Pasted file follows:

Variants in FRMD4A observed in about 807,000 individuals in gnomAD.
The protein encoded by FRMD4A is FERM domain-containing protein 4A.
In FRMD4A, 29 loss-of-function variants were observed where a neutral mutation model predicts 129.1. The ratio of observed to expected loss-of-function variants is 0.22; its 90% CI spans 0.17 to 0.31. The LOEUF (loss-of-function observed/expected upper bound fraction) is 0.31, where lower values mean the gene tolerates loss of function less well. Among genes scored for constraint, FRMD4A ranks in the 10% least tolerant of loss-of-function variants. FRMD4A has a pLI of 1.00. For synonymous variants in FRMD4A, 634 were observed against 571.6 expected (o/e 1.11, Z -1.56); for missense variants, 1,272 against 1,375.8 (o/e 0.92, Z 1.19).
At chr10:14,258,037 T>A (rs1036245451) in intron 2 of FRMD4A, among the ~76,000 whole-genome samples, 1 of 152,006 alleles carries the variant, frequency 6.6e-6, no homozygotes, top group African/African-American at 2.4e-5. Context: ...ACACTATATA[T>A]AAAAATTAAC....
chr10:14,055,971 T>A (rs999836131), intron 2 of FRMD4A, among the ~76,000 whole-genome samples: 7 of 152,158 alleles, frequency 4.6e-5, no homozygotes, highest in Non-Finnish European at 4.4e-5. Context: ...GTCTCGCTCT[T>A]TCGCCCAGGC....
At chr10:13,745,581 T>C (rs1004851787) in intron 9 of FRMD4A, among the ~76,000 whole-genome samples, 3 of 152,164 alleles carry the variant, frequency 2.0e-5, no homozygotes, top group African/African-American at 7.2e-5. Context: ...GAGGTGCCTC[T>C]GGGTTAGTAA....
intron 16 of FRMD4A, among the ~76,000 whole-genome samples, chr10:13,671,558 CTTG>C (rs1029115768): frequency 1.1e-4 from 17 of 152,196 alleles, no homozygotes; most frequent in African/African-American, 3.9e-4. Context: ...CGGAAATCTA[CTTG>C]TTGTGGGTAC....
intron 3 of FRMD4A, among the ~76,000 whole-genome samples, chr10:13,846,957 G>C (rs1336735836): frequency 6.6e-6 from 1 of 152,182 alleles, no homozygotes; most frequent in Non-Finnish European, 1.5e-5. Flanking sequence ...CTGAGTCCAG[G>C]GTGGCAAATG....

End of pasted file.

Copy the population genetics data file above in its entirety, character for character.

Variants in FRMD4A observed in about 807,000 individuals in gnomAD.
The protein encoded by FRMD4A is FERM domain-containing protein 4A.
In FRMD4A, 29 loss-of-function variants were observed where a neutral mutation model predicts 129.1. The ratio of observed to expected loss-of-function variants is 0.22; its 90% CI spans 0.17 to 0.31. The LOEUF (loss-of-function observed/expected upper bound fraction) is 0.31, where lower values mean the gene tolerates loss of function less well. Among genes scored for constraint, FRMD4A ranks in the 10% least tolerant of loss-of-function variants. FRMD4A has a pLI of 1.00. For synonymous variants in FRMD4A, 634 were observed against 571.6 expected (o/e 1.11, Z -1.56); for missense variants, 1,272 against 1,375.8 (o/e 0.92, Z 1.19).
At chr10:14,258,037 T>A (rs1036245451) in intron 2 of FRMD4A, among the ~76,000 whole-genome samples, 1 of 152,006 alleles carries the variant, frequency 6.6e-6, no homozygotes, top group African/African-American at 2.4e-5. Context: ...ACACTATATA[T>A]AAAAATTAAC....
chr10:14,055,971 T>A (rs999836131), intron 2 of FRMD4A, among the ~76,000 whole-genome samples: 7 of 152,158 alleles, frequency 4.6e-5, no homozygotes, highest in Non-Finnish European at 4.4e-5. Context: ...GTCTCGCTCT[T>A]TCGCCCAGGC....
At chr10:13,745,581 T>C (rs1004851787) in intron 9 of FRMD4A, among the ~76,000 whole-genome samples, 3 of 152,164 alleles carry the variant, frequency 2.0e-5, no homozygotes, top group African/African-American at 7.2e-5. Context: ...GAGGTGCCTC[T>C]GGGTTAGTAA....
intron 16 of FRMD4A, among the ~76,000 whole-genome samples, chr10:13,671,558 CTTG>C (rs1029115768): frequency 1.1e-4 from 17 of 152,196 alleles, no homozygotes; most frequent in African/African-American, 3.9e-4. Context: ...CGGAAATCTA[CTTG>C]TTGTGGGTAC....
intron 3 of FRMD4A, among the ~76,000 whole-genome samples, chr10:13,846,957 G>C (rs1336735836): frequency 6.6e-6 from 1 of 152,182 alleles, no homozygotes; most frequent in Non-Finnish European, 1.5e-5. Flanking sequence ...CTGAGTCCAG[G>C]GTGGCAAATG....